Trainees who believed their supervisors minimized, ignored or dismissed conversations about culture also believed the supervisory relationship to be negatively impacted, generating feelings of disappointment, frustration and anger.
What insights and questions do you have?
Ancis, J.R., & Marshall D.S. (2007). Using a Multicultural Framework to Assess Supervisees’ Perceptions of Culturally Competent Supervision. Journal of Counseling and Development., 88(3), 277-84.

Cook, D. & Helms, J. (199) Using Race and Culture in Counseling and Psychotherapy : Theory and Process. Boston: Allyn and Bacon.

Duan, C., & Roehlke, H. (2001). A Descriptive “Snapshot” of Cross-racial Supervision in University Counseling Center Internships. Journal of Multicultural Counseling and Development, 29, 131–146.

Gatmon, D., Jackson, D., Koshkarian, L., Martos-Perry, N., Molina, A., Patel, N., & Rodolfa, E. (2001). Exploring Ethnic, Gender, and Sexual Orientation Variables in Supervision: Do they really matter? Journal of Multicultural Counseling and Development, 29, 102–113.

Hays, D., et al. (2010). Integrating Social Justice in Group Work: The Next Decade. The Journal for Specialists in Group Work, 35(2), 177-206.

Khamphakdy Brown S. (2009). Race and Color-Blind Racial Attitudes in Supervision: Implications for the supervisory Relationship. (Doctoral Dissertation). Retrieved from http://gradworks.umi.com/33/94/3394761.html.

Pett, J. (2000). Gay, Lesbian and Bisexual Therapy and Its Supervision. In D. Dominic & C. Neal (Eds.), Therapeutic Perspective on Working with Lesbian, Gay and Bisexual Clients (pp. 54–72). Buckingham, England: Open University Press.

Pope, R.L. et al. (2004). Multicultural Competence in Student Affairs. In, Multicultural Competence in Student Affairs (pp. 3-28). New York: Jossey-Bass.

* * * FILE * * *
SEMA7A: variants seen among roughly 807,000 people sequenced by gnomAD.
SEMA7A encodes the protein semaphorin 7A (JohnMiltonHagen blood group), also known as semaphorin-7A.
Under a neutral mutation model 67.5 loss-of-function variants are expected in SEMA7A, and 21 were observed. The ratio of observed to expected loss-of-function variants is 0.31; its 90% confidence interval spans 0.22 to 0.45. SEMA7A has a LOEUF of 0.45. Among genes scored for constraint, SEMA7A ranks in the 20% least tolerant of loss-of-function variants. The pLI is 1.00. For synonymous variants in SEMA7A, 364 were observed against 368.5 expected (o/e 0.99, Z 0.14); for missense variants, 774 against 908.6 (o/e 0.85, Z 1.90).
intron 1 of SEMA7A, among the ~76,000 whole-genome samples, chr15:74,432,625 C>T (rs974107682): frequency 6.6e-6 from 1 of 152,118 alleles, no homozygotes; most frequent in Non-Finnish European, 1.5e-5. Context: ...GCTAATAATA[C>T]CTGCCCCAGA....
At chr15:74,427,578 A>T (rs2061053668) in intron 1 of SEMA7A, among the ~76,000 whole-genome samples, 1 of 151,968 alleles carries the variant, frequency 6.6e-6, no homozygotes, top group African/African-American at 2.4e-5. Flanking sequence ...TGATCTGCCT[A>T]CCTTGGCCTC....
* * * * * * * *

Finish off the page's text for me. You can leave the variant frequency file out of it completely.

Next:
Porter, N. (1994). Empowering Supervisees to Empower Others: A Culturally Responsive Supervision Model. Hispanic Journal of Behavioral Sciences . 16(1), 43-56.

Prouty A. (1996). A Grounded Theory of Feminist Supervision: A Qualitative Study. Doctoral Dissertation. Retrieved from ProQuest database (Publication Number AAT 9725608).

Resse-Cassal, K & Spissak, C. The Increasing Diversity of the U.S. Population. http://blogs.esri.com/esri/arcgis/2011/08/09/the-increasing-diversity-of-the-u-s-population/
Puppies are cute, huh?
trust formation is challenged
disclosure is limited
communication guarded by intentional or unintentional -isms
common work interactions are made more difficult (e.g. conflict)
contributes to cultural ignorance
Warning! Disclosure statement! Fais gaffe!
tons more to research to explore
your noodles may be fried, mine still are
paid for by the committee of Trey's thinking, sweat and tears
performance issues are not ignored but addressed within this framework
what's next:
self and/or supervisee assessment
modeling and practiced-based opportunities
Defining supervision
Wing-Chi Poon, 1998 via Creative Commons
Full transcript